Probabilistic programming is about doing statistics using the tools of computer science.Pyrohttps://danmackinlay.name/notebook/pyro.htmlThu, 25 Nov 2021 11:27:11 +1100https://danmackinlay.name/notebook/pyro.htmlVanilla Pyro Distributed Numpyro Tutorials and textbooks Tips, gotchas Regression Complex numbers Algebraic effects Funsors References A probabilistic programming language. pytorch + Bayesian inference = pyro (Pradhan et al. 2018).
Typical posterior density landscape
Vanilla Pyro For rationale, see the pyro launch announcement:
We believe the critical ideas to solve AI will come from a joint effort among a worldwide community of people pursuing diverse approaches. By open sourcing Pyro, we hope to encourage the scientific world to collaborate on making AI tools more flexible, open, and easy-to-use.Gaussian Processes as stochastic differential equationshttps://danmackinlay.name/notebook/gp_markov.htmlThu, 25 Nov 2021 09:22:29 +1100https://danmackinlay.name/notebook/gp_markov.htmlGP regression via state filtering Spatio-temporal usage Latent force models Miscellaneous notes towards implementation References 🏗️🏗️🏗️ Under heavy construction 🏗️🏗️🏗️
Classic flavours together, Gaussian processes and state filters/ stochastic differential equations and random fields as stochastic differential equations.
Not covered, another concept which includes the same keywords but is distinct: using Gaussian processes to define state process dynamics or observation distribution.
GP regression via state filtering I am interested in the trick which makes certain Gaussian process regression problems soluble by making them local, i.Neural diffusion modelshttps://danmackinlay.name/notebook/nn_diffusion.htmlThu, 11 Nov 2021 10:45:50 +1100https://danmackinlay.name/notebook/nn_diffusion.htmlReferences Placeholder.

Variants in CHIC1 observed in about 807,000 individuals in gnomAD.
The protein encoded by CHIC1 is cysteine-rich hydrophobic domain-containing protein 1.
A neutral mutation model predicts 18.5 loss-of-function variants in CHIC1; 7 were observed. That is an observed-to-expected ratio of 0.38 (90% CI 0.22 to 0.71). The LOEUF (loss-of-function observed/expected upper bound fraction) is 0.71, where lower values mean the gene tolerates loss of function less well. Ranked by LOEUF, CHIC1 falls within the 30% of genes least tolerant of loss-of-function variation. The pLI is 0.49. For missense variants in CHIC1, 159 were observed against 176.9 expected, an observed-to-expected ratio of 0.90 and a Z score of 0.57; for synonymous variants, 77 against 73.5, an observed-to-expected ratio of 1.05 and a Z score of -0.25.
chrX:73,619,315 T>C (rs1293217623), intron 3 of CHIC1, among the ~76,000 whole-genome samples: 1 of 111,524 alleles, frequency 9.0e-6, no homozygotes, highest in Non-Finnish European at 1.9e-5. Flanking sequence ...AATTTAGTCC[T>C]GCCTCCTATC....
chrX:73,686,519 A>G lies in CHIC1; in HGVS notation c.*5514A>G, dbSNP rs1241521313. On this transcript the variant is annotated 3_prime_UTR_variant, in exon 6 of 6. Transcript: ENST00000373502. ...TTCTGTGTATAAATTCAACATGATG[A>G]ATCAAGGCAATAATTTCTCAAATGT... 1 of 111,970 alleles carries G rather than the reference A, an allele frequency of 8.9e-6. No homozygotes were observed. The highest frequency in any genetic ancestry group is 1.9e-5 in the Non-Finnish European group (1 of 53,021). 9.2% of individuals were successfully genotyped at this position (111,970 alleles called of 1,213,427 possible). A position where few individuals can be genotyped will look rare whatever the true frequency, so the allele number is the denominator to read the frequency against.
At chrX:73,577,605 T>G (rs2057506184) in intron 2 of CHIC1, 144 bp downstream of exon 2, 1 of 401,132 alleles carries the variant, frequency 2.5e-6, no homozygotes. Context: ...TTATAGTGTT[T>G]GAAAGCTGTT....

Google AI Blog: High Fidelity Image Generation Using Diffusion Models Denoising Diffusion-based Generative Modeling: Foundations and Applications What are Diffusion Models? Yang Song, Generative Modeling by Estimating Gradients of the Data Distribution Diffusion models are autoencoders – Sander Dieleman Suggestive connection to thermodynamics (Sohl-Dickstein et al. 2015).
References Dhariwal, Prafulla, and Alex Nichol. 2021. “Diffusion Models Beat GANs on Image Synthesis.” arXiv:2105.05233 [Cs, Stat], June. Dutordoir, Vincent, Alan Saul, Zoubin Ghahramani, and Fergus Simpson.Deep generative modelshttps://danmackinlay.name/notebook/nn_generative.htmlThu, 11 Nov 2021 09:52:21 +1100https://danmackinlay.name/notebook/nn_generative.htmlPhilosophical diversion: probability is a weird abstraction References Generating a synthetic observation at great depth
Certain famous models in neural nets are generative — informally, they produce samples some distribution, in training the distribution of those samples is tweaked until its distribution resembles, in some sense, the distribution of our observed data. There are many attempts now to unify fancy generative techniques such as GANs and VAEs and neural diffusiong into a single unified method, or at least a cordial family of methods, so I had better devise a page for that.Energy based modelshttps://danmackinlay.name/notebook/energy_based_models.htmlMon, 07 Jun 2021 18:17:53 +1000https://danmackinlay.name/notebook/energy_based_models.htmlReferences I don’t actually know what fits under this heading, but it sounds like it is simply inference for undirected graphical models? Or is there something distinct going on?
Descending the local energy gradient to a more probable configuration